Sales and group business will look fundamentally different than in years past
As travel rebuilds across both leisure and business segments, sales teams have a unique role to play as a link between revenue generation and the changing needs of customers. As traditional business travel has yet to return to pre-pandemic numbers, sales teams are pivoting their strategy to focus less on prospecting corporate accounts and volume contracts, and instead searching for new creative opportunities.
Be sure to visit our ultimate guide to grow events and group business for an all-encompassing rundown of events, sales and catering tips, data points and best practices.
With optional offices and remote work gaining momentum, sales teams should consider how to position their properties as a preferred location to host meetups for remote teams or for local businesses that have closed office space but still require a physical location to meet clients. A similar approach could work for ‘bleisure’ travelers or digital nomads that have the flexibility of working from anywhere. They are actively looking and booking hotels as their home base to explore new cities and regions on a whim, so it’s important to build messaging and promotions that connect with them.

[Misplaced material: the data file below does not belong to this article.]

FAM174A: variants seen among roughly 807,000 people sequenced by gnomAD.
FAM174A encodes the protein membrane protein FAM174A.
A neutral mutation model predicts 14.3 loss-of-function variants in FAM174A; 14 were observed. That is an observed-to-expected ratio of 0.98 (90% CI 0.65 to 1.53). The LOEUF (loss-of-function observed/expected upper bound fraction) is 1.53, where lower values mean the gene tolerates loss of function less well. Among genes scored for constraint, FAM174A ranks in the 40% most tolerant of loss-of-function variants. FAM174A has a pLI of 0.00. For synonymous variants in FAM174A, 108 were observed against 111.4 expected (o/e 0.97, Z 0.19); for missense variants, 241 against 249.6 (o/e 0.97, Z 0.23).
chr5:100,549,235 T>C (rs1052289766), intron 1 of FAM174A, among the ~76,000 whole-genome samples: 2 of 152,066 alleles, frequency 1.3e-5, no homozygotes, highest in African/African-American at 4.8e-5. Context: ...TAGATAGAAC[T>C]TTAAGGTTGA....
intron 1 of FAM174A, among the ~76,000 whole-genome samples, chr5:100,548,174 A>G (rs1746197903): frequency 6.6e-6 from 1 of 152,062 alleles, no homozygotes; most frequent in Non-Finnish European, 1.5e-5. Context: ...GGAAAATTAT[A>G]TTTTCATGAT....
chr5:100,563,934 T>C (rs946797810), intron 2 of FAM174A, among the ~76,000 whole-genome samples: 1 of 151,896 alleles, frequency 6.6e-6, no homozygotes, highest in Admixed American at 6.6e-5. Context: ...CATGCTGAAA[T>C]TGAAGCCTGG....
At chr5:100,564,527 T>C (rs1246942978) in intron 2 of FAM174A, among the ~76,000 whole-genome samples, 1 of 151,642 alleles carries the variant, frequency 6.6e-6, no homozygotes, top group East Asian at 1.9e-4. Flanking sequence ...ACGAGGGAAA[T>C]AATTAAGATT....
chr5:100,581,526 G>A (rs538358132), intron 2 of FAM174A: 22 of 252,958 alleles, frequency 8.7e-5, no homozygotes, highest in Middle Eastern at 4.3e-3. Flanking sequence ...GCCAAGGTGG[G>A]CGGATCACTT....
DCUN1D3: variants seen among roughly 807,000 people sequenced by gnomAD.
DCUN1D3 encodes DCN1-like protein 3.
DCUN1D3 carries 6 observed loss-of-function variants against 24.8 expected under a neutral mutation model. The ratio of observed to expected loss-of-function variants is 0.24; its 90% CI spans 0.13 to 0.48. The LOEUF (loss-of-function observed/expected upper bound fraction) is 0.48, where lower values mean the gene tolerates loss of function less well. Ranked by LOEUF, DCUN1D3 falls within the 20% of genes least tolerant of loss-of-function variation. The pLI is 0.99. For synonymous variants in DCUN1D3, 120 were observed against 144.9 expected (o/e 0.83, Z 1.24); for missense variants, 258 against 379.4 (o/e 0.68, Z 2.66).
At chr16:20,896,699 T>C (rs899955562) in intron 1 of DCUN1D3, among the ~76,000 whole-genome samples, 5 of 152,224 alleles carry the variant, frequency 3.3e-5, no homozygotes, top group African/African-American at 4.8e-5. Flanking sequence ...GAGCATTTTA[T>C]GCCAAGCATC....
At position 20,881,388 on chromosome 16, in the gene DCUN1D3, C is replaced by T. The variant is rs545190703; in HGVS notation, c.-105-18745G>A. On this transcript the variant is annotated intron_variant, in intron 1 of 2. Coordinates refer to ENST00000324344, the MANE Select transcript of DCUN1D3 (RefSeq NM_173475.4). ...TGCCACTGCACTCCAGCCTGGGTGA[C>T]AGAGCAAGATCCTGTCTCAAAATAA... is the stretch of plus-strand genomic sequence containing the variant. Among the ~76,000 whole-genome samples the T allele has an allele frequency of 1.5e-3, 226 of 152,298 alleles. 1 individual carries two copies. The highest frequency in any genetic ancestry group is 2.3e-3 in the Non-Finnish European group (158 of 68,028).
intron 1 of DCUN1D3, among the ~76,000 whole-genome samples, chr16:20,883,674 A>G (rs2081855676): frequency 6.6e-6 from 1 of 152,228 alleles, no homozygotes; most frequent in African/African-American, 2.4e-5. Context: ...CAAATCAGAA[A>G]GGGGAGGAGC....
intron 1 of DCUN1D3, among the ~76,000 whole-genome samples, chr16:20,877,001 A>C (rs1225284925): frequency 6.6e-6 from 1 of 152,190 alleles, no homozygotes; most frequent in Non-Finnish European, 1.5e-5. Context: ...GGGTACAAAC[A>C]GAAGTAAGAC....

Another important dynamic for selling group business is determining whether leisure or corporate groups feel comfortable hosting in-person events. Hoteliers can reach out to contacts to gauge their interest level in booking a meeting or event in 2021 and into 2022. Additionally, sales collateral can be updated with COVID-19 protocols to highlight attendee safety measures and investing in new technology will support the ability to host socially distanced and hybrid events to capture short-term revenue until large events return.
Although plenty of day to day challenges remain for hoteliers, the good news is the industry is making steady progress in its recovery. Global hotelier sentiment reflects this, with 53% of survey respondents expecting pre-pandemic levels of occupancy to return in 2022. In order to make the most of the current situation, we recommend hoteliers to connect with their targeted audience, provide constant communication and reassurance regarding COVID-19 protocols and available amenities, and invest for the future – whether it’s in staff, business intelligence data, or technology.
These three elements will be some of the most critical to a hoteliers’ ability to manage the present and grow in the future, and will ensure properties are poised to rebuild stronger than ever.
To download our full recovery guides or view fresh hotel performance insights, visit our Rebuild Travel library.